Startup Therapy Podcast

Episode #139

Ryan Rutan: Welcome back to another episode of the startup therapy podcast. This is Ryan Rutan from startups dot com, joined by my friend and the founder and Ceo of startups dot com Wil Schroder will one of the things that we talk a lot, a lot, a lot about in the founder space is failure, right? I mean, it's an inevitability for the vast majority of startup company, so it's an important topic, but I think you and I would, would agree and I want to get your opinion, but we hear a lot about, you know, it makes it sound so final, right? That failure is this this doomsday scenario where, you know, life is over and nothing happens after that. What's your take on that? Like let's let's unpack what failure actually looks like and what kind of losses we, we actually retain and what we recover from and what sticks around,

Wil Schroter: you know, I think we all feel like if this thing fails that it's just end of days, right? I mean that's, that's how this ends, right? Like um we sit up at night at three am staring at the ceiling saying, you know, how am I going to get out of this if this thing doesn't work just like the, the whole world is just like Armageddon. Yeah, I've been there, I know you've been there right in the problem is we get so paralyzed by that fear, which, which ironically, you know, kind of

Ryan Rutan: causes it to, to get worse, you know, that the outcome get worse. That accelerates bad outcomes real quick

Wil Schroter: agreed. But on top of that, I think where we get really messed up is we don't play these fears through, we just play the part where the bad guy jumps out. We don't play the part where we get away just like and so I think it would be cool to talk about today is what are the tools we can use to be able to shine a light on these fears, right? And more importantly, let's go beyond the fears. Let's pretend it all happened, right? Let's play it all the way through. Let's say that that everything we expected to happen happens then what, what does it actually look like? Because we've talked to no lack of founders in this topic, not to mention having lived it ourselves. Um, what does it look like at the end of that journey? And can we recover, Can we get on the other side of this and go build something, do something great. So, let's look at the entire timeline with this um, and unpack all of it to figure out what these fears actually are. Alright, so before we get into this next topic, I just want to let you know what we talk about here is like 1% of the conversation, you know, really this conversation is going on all day long online at groups dot startups dot com. Where Ryan and I pretty much talk endlessly with founders about every one of these topics. So if, by the end of this discussion, you like the topic and you want to dig into it a little bit more with Ryan and I just had two groups dot startups dot com and we'll pick it up from there.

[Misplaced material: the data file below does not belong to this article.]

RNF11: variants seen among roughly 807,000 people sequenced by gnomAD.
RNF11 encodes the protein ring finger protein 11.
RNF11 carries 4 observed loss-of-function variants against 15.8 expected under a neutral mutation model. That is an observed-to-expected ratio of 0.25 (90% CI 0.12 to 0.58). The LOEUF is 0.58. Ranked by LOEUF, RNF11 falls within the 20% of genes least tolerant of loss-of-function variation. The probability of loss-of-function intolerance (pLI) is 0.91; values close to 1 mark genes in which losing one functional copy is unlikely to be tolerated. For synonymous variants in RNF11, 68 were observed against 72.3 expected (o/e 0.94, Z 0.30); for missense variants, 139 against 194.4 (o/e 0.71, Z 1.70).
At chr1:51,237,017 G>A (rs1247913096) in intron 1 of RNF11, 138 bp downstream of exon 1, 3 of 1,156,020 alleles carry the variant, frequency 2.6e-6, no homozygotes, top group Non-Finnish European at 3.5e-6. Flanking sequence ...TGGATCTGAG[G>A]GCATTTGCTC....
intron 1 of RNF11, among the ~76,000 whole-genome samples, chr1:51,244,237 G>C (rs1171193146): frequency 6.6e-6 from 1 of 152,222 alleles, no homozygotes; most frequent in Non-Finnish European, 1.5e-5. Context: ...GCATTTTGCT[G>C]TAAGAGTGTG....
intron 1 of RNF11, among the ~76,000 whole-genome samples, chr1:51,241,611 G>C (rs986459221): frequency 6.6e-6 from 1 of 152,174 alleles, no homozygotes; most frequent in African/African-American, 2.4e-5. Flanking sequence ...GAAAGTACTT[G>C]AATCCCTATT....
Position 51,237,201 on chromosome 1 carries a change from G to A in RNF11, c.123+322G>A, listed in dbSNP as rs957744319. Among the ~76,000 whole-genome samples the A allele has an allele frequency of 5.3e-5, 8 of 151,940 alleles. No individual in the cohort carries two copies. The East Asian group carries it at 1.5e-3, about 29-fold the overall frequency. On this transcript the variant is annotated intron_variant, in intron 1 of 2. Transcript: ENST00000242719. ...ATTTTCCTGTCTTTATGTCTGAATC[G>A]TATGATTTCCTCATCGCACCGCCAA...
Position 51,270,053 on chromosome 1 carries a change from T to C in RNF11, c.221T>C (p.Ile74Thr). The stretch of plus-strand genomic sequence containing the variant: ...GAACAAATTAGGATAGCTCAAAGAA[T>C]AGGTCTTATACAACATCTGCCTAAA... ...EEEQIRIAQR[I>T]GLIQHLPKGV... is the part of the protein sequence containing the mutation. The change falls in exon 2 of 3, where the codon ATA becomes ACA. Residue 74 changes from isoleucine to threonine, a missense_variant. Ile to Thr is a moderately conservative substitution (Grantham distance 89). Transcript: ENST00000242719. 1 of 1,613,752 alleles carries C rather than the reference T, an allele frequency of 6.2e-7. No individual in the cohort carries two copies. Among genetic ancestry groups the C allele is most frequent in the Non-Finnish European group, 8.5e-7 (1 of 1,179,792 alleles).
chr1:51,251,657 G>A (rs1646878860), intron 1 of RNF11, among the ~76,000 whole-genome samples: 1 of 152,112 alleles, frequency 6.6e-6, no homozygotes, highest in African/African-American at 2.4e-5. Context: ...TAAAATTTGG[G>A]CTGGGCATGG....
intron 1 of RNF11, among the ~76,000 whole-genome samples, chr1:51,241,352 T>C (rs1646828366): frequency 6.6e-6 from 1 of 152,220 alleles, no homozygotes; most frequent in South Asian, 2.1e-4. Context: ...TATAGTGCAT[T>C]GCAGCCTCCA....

Ryan Rutan: You know, it's funny just even thinking of the language that we use to describe these things. Think about some of the terminology we used to talk about these scenarios like the business is on life support, right? Right. We're at the end of our runway, right? Like all of these things literally lead to like death and disaster, right? The language that we use is important here. Um, and it misrepresents the reality, right? The business isn't on life support. Um, more importantly, you are not on life support, right? If you're not actually on life support, you're not on life support. Right? That's not a thing. And I think that this is one of those places where we talk about this a lot about how, you know, it's hard to extract ourselves from the businesses, but particularly in points like this, it's important to remember that you and the business will face very different consequences if things do go all to hell in a handbasket. Right.